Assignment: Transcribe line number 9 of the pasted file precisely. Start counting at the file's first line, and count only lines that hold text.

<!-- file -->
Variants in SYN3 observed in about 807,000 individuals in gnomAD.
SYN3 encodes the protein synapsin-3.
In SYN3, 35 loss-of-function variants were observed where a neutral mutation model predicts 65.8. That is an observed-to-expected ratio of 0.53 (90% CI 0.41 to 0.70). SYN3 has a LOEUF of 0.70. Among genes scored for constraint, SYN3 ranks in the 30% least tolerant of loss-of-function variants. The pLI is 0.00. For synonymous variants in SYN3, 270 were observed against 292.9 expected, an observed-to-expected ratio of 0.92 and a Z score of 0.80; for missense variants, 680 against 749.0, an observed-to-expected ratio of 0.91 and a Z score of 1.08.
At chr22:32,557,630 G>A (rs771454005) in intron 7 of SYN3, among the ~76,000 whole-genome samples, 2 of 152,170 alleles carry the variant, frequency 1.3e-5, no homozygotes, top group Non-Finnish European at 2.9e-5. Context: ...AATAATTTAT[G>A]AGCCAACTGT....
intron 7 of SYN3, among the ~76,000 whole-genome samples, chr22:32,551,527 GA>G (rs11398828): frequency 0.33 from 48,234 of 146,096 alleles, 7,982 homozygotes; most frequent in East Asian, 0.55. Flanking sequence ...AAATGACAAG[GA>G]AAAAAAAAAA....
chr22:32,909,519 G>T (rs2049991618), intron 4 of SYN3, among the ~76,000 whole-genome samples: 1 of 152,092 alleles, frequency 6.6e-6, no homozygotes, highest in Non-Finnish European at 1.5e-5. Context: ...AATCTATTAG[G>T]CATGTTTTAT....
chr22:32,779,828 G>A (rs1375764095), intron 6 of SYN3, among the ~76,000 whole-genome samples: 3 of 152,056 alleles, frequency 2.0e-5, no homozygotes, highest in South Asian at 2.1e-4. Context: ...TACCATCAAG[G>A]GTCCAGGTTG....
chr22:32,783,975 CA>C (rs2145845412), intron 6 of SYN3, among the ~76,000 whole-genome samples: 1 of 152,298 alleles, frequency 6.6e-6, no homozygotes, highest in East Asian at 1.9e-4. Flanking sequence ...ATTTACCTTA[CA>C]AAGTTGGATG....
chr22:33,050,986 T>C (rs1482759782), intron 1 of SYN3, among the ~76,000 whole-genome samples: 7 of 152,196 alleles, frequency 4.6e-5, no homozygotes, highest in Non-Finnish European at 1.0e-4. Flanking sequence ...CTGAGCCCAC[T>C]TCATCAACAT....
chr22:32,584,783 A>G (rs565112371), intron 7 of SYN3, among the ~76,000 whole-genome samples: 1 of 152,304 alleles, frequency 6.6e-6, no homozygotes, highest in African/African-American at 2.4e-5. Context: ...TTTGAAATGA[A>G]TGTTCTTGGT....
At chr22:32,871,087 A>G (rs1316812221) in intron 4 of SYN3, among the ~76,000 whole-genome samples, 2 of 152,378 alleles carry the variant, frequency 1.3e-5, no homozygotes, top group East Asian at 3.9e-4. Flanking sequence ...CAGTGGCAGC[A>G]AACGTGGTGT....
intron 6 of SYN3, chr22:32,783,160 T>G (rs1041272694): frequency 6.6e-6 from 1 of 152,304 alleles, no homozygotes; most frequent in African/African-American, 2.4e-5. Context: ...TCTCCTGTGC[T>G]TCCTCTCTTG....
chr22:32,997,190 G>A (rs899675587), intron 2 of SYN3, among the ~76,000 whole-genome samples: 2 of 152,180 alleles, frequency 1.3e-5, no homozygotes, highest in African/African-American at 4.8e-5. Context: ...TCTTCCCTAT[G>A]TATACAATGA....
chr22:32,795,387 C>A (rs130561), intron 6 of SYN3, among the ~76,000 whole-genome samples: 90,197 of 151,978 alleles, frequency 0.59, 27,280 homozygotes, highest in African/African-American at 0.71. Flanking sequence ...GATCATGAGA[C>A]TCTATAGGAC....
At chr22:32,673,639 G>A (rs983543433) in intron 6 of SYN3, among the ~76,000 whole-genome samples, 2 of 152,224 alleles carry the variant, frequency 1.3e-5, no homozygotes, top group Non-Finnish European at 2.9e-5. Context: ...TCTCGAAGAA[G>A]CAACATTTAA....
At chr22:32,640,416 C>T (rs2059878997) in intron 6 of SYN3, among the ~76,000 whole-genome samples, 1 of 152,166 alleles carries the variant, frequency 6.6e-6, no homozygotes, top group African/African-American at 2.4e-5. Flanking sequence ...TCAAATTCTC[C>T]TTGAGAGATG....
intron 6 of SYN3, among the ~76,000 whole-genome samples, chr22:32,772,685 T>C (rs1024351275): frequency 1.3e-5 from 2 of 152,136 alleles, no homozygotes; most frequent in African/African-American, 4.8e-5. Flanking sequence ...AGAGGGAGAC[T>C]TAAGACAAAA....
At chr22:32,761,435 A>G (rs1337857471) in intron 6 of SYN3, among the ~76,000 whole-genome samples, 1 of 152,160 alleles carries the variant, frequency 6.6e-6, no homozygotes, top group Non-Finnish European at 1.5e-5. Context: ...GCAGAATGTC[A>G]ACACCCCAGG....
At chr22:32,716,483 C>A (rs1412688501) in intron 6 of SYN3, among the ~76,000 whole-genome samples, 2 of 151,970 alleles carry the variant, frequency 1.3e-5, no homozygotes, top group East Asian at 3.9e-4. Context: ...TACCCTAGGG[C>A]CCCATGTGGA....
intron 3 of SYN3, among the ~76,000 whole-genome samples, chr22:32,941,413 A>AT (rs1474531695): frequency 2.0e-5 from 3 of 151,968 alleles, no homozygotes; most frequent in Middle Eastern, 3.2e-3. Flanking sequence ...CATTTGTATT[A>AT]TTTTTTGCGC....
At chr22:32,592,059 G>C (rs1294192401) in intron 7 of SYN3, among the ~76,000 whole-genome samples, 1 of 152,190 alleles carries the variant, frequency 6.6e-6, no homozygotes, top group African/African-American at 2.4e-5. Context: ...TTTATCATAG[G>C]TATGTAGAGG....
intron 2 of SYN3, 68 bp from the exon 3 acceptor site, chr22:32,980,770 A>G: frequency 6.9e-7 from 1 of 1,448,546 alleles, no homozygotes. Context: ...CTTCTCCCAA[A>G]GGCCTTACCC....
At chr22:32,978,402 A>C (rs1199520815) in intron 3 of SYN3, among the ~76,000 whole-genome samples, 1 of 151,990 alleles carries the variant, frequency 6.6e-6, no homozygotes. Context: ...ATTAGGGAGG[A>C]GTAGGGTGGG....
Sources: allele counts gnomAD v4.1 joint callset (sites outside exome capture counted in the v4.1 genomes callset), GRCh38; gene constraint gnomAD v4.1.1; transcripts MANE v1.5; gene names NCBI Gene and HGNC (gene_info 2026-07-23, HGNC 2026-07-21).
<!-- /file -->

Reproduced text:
chr22:33,050,986 T>C (rs1482759782), intron 1 of SYN3, among the ~76,000 whole-genome samples: 7 of 152,196 alleles, frequency 4.6e-5, no homozygotes, highest in Non-Finnish European at 1.0e-4. Flanking sequence ...CTGAGCCCAC[T>C]TCATCAACAT....